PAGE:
Create Your World With Questions


Given that, in a growing area of psychology, the self is a story, and therefore that we can think of our happiness as a kind of story, it seems logical that we ask how we are telling these stories. The truth is, we craft who we are with thoughts and tiny daily actions & interactions. Yet I believe that, most of all:

We craft who we are with the questions we ask. [Tweet it!]

What do I mean by that? I mean that each day we ask things of ourselves and our worlds that direct where we go and what we become (as individuals and as a collective.) Everything from what should I wear, to what am I doing with my life, to why am I so stuck? In psychology, there is a practice called Appreciative Inquiry or AI, and it’s when we ask: what is going really well?

How many times have you, in whatever words, asked yourself to be better? Focussed on what’s going wrong? Asked yourself to be different somehow? To change? And did that help – or has it left you feeling lacking? Left behind? Under-valued?

Although AI is primarily used today in organisations, it was actually originally developed  as a tool for use on an individual level. And that’s exactly what this article is for: to ask that you begin to appreciatively inquire into yourself.

Takeaway Truth:

“We live in the world our questions create.” – David Cooperrider


If you answered yes to any of the questions above, you’re not alone. Perhaps it’s time we asked better questions: kinder questions, more beautiful questions, more appreciative questions.

In addition, a great deal of psychological research suggests that we’re usually more successful in endeavours that we approach with intrinsic motivation. When we feel autonomous, we thrive. Therefore, instead of my offering up some go-to questions, why not create your own?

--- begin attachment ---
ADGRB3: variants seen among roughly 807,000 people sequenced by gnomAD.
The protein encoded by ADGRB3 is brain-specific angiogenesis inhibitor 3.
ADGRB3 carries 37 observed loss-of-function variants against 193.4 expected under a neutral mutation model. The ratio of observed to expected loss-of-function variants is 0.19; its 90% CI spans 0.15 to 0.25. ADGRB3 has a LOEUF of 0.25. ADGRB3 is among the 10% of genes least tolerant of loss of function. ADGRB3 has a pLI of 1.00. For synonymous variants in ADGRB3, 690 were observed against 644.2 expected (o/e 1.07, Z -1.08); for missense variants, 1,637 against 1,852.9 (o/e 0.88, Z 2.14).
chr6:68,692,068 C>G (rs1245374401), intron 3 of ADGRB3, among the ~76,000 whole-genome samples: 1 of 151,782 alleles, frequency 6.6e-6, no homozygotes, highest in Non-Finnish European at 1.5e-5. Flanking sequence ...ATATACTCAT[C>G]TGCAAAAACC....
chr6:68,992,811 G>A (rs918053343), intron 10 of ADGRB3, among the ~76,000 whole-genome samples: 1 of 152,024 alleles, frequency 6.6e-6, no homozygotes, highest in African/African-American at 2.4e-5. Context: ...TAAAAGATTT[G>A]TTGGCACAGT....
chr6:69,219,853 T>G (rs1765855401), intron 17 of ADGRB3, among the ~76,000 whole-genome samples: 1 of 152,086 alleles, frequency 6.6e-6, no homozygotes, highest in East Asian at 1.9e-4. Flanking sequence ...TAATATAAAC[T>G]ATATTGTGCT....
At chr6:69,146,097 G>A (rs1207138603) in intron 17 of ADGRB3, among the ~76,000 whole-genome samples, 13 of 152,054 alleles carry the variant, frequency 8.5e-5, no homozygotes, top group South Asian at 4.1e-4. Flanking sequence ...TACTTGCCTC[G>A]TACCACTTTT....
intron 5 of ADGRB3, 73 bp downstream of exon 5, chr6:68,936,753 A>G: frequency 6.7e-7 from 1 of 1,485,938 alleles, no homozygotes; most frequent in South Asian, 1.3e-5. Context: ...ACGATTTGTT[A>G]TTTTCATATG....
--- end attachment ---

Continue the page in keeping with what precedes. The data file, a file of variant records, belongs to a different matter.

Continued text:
Try it: Create Your Own Questions

I want to help you begin your own appreciative inquiry; to ask the questions that matter, because you make them matter. Questions that get to the heart of what’s already going right in your world – and how to get more of it, rather than questions that sink you into the swampy depths of what’s gone wrong.

Below I’ve given you some structures and some mix & match beginning middle and ends. Have fun with them. Craft as many questions as you like. One. Five. Fifteen. Let your imagination run as wild (or as tamely) as you see fit.

Writing Exercise:

I am _______ [possible fillers: happiest, grateful, fulfilling my potential, at my best, at my most ambitious/hopeful/curious/relaxed/blissed out] when I am _______ [possible fillers: with friends, with animals, outdoors, travelling, writing, creating.] How can I get more of that in my life?

What’s going really well in my_______ [possible fillers: work, love life, friendships, writing, health] that I can _______ [possible fillers: focus on, expand on, replicate elsewhere, be grateful for?]

How can I _______ [possible fillers: create, reach, approach, attain, attract] more of this, in order to move closer to my dream _______ [possible fillers: self, gap year, job, daily schedule, lover] [+ time reference: this week, this month, this year, in the next five years?]

Who or what can help me _______ [possible fillers: uncover, build, change, plan, learn about] that thing I most want to _______ [possible fillers: create, see, visit, achieve, make] in my life [+ time reference: this week, this month, this year, in the next five years?]


These are just a few ideas to get you started, but there are limitless possibilities to the questions we ask in our lives. Try a few of your own from scratch. Zone in on those that feel most poignant. You might want to pick one question – or even a couple of questions – to guide you into the coming year. You might even want to make this a regular part of a writing for happiness practice.

Create beautiful questions & craft a more beautiful story.